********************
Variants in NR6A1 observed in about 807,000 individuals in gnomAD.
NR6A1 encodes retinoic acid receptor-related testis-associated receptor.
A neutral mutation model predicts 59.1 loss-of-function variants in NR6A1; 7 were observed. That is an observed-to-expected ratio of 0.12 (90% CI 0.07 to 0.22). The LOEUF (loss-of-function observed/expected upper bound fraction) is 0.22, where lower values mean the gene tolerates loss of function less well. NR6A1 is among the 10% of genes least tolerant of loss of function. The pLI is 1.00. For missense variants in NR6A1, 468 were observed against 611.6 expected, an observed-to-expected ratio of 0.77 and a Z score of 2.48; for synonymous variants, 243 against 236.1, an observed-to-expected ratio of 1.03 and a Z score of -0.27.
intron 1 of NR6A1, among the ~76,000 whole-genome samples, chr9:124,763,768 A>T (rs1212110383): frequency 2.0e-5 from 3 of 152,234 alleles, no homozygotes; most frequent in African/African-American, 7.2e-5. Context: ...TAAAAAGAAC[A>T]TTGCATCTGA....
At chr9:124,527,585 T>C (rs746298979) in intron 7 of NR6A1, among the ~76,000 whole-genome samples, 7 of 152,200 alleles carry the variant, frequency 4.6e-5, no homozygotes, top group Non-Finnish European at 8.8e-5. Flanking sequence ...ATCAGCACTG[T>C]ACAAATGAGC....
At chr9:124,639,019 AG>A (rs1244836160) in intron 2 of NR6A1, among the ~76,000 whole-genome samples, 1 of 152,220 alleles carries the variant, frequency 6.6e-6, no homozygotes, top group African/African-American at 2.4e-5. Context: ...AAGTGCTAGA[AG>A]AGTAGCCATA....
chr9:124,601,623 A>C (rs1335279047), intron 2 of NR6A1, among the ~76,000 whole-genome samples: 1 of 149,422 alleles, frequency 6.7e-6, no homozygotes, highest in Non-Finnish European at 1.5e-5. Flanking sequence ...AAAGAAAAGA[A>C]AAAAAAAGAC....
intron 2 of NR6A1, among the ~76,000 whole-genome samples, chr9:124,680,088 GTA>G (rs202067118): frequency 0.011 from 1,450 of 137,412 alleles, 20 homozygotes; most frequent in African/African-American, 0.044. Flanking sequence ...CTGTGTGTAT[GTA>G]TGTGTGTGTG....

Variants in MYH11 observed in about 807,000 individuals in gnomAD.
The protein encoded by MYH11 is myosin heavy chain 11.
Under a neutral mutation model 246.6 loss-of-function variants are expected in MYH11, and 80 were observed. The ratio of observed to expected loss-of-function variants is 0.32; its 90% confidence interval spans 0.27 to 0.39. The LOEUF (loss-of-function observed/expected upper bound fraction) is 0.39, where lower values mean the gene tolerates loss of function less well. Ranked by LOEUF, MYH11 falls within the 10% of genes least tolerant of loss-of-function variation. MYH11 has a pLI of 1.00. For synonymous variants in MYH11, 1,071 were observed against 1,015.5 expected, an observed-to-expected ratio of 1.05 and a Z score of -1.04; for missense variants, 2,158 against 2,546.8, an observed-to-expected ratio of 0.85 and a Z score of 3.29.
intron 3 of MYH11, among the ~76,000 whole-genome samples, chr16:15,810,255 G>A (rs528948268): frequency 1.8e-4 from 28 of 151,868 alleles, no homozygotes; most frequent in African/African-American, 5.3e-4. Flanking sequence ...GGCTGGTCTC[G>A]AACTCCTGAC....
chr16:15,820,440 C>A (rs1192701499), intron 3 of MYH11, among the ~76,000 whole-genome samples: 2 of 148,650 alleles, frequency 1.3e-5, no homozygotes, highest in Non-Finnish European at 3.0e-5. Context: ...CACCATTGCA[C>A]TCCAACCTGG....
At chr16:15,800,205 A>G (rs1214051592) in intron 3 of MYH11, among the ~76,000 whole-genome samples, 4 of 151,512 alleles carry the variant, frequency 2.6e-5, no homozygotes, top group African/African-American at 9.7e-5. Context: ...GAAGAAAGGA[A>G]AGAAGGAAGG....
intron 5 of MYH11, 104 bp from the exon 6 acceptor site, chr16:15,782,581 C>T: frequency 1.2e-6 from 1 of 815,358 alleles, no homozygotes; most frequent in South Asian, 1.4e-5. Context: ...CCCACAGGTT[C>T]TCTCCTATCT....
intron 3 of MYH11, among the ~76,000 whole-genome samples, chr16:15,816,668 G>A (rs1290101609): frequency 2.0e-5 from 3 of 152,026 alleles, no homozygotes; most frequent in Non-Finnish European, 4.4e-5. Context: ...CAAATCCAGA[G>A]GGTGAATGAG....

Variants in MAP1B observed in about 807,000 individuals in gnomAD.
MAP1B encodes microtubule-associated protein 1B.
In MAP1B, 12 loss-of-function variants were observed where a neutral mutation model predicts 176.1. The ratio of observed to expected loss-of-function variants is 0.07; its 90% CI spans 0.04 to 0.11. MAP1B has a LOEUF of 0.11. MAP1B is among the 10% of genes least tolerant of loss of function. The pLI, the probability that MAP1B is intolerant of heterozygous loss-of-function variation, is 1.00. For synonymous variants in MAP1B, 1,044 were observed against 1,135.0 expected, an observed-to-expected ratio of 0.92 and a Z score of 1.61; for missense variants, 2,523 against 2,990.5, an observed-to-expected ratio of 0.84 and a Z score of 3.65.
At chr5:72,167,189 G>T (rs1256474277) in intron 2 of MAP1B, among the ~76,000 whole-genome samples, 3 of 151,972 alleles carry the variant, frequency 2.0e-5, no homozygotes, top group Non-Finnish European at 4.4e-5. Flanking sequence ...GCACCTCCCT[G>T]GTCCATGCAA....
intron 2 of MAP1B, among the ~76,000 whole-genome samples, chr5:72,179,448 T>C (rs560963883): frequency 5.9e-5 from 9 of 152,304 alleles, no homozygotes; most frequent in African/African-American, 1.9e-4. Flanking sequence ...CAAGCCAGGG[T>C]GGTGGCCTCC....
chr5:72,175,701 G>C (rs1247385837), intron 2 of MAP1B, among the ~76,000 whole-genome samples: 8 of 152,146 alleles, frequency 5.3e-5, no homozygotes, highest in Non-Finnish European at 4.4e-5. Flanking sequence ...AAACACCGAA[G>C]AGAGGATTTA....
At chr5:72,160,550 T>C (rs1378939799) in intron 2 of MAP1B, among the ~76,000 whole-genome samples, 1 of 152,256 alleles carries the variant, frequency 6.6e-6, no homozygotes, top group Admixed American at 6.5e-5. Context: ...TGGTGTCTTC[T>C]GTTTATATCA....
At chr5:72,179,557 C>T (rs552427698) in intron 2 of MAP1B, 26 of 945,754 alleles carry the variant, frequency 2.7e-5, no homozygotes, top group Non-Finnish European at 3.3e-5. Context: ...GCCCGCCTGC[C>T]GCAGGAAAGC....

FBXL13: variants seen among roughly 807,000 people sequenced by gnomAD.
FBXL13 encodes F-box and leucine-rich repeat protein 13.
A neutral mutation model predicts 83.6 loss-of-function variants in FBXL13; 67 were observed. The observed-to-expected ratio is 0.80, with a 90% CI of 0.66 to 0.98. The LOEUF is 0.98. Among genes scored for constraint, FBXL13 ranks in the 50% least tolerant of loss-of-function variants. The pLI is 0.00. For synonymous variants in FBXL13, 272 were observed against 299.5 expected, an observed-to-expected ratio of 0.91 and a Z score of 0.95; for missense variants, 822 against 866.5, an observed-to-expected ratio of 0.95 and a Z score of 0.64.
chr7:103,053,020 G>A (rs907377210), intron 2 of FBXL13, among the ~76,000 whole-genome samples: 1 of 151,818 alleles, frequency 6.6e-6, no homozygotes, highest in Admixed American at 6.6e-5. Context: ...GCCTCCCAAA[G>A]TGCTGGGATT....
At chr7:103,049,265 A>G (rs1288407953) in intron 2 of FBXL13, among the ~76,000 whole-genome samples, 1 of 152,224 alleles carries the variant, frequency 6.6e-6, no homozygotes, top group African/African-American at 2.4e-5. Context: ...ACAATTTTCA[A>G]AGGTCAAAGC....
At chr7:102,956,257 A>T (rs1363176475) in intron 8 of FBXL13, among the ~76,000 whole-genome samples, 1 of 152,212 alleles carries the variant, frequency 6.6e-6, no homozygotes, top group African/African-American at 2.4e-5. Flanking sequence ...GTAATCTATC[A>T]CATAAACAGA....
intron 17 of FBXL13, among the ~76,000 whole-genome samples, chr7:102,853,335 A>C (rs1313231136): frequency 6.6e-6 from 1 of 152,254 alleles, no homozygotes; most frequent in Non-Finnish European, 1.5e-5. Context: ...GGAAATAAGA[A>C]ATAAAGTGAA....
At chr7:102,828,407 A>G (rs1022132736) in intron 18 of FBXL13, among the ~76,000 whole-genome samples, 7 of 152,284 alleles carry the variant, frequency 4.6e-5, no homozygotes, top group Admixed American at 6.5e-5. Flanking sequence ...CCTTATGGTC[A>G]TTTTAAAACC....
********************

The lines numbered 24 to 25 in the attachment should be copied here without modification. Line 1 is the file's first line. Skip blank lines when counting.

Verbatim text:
At chr5:72,179,557 C>T (rs552427698) in intron 2 of MAP1B, 26 of 945,754 alleles carry the variant, frequency 2.7e-5, no homozygotes, top group Non-Finnish European at 3.3e-5. Context: ...GCCCGCCTGC[C>T]GCAGGAAAGC....

FBXL13: variants seen among roughly 807,000 people sequenced by gnomAD.